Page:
if you're referring to the Triassic, yes they did - the equitorial zones were barely habitable.
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Post by Zekoslav »

Keenir wrote:
17 Aug 2019 05:45
Zekoslav wrote:
13 Aug 2019 12:21
The dinosaurs didn't seem to mind any of the typhoons their own contiguous giant ocean generated...
if you're referring to the Triassic, yes they did - the equitorial zones were barely habitable.
I had the impression that was a temporary consequence of the Permian-Triassic mass extinction (tropics overheated to the point of becoming uninhabitable and it took time for things to settle down) and not simply a result of the existence of a supercontinent and a superocean. Tropics were lush in the Carboniferous and okay in the Permian with the same setup of land and sea.

Anyway, my world is more similar to the late Jurassic/early Cretaceous period, with an equatorial ocean and multiple continents. It's not what I imagined, but creating a hothouse world might be interesting.
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Re: (C&C) Q&A Thread - Quick questions go here

Post by LinguoFranco »

Would a humanoid race that has tails make things inconvenient, like sitting or wearing pants? What are some ways to get around this?

I'm talking about anthropomorphic animals, of course.

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Post by Keenir »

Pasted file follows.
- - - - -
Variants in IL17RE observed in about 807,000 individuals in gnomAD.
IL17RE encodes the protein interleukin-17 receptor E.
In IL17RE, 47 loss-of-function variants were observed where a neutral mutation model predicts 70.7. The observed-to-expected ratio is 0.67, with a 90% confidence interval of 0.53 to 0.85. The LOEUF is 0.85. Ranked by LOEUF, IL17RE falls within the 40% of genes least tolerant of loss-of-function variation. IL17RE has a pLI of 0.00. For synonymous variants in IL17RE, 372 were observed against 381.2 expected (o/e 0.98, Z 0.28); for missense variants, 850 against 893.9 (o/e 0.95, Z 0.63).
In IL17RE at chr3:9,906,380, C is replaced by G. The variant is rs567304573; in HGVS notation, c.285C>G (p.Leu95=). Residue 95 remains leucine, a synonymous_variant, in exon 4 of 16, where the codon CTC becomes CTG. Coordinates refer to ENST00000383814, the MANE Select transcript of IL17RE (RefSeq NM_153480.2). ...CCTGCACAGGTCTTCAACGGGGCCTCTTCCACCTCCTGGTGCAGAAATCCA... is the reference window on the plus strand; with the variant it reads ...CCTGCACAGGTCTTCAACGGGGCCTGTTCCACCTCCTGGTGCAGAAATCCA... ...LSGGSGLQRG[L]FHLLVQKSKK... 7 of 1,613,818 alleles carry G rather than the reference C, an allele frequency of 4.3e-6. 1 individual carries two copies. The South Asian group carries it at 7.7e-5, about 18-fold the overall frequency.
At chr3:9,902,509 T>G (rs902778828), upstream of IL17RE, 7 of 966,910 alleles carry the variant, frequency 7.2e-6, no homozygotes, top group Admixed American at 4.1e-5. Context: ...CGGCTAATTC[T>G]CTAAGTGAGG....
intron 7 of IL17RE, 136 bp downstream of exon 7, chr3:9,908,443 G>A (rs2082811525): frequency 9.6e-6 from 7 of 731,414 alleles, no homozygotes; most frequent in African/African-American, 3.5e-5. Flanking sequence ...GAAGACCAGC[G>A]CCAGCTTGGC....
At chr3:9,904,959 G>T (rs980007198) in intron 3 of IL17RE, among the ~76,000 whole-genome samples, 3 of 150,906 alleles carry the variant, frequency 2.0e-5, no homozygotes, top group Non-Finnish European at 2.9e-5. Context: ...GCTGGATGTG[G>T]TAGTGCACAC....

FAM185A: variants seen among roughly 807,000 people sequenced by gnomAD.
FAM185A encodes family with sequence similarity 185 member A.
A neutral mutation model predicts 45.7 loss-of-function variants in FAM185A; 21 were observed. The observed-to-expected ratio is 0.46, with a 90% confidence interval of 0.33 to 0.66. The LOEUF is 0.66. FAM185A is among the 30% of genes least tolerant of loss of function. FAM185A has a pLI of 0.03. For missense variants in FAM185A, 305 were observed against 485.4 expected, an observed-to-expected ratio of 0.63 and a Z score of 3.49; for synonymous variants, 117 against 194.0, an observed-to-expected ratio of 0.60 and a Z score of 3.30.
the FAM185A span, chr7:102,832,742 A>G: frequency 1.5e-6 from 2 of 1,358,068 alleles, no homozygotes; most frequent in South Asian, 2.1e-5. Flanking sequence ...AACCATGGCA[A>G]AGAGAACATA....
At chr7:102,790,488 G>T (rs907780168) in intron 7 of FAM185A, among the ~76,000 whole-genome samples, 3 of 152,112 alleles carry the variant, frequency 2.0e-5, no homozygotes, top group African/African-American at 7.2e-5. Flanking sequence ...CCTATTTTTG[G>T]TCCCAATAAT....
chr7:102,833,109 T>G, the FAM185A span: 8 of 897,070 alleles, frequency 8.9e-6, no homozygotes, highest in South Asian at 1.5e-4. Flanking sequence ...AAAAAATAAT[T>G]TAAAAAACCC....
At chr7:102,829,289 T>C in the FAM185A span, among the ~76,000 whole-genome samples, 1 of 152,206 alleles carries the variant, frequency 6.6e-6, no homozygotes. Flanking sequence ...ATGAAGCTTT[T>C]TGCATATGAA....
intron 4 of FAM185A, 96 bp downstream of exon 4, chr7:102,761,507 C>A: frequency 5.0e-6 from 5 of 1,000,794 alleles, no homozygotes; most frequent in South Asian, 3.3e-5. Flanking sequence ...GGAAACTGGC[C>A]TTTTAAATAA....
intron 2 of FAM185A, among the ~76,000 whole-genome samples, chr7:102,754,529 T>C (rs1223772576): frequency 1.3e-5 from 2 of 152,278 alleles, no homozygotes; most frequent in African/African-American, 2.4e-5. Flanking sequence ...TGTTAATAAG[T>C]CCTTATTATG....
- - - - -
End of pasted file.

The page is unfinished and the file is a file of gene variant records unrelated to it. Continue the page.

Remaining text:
LinguoFranco wrote:
31 Aug 2019 22:23
Would a humanoid race that has tails make things inconvenient, like sitting or wearing pants? What are some ways to get around this?

I'm talking about anthropomorphic animals, of course.
that probably depends on things like
  • how flexible are their tails, particularly where the tail attaches to the body
    do they have pants with tailholes, kilts?
    do they sit in chairs, on sofas, on blankets, or just kneel during meals?
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Re: (C&C) Q&A Thread - Quick questions go here

Post by eldin raigmore »

LinguoFranco wrote:
31 Aug 2019 22:23
Would a humanoid race that has tails make things inconvenient, like sitting or wearing pants? What are some ways to get around this?

I'm talking about anthropomorphic animals, of course.
Dogs have tails, and sit.
Some horses and donkeys and mules sometimes sit, I think, though not often.
Cats sit and wrap their tails around all four feet so they can’t be seen. They follow the motto “if i fits I sits”.
Monkeys have tails and do whatever it is monkeys do.

Birds perch. Or at least passerines do.

Their chairs or stools or other seats might be different.

Animals with tails might wear trews or hose or leggings instead of pantaloons.
Or chaps.

tl;dr summary: idk.

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Post by LinguoFranco »

eldin raigmore wrote: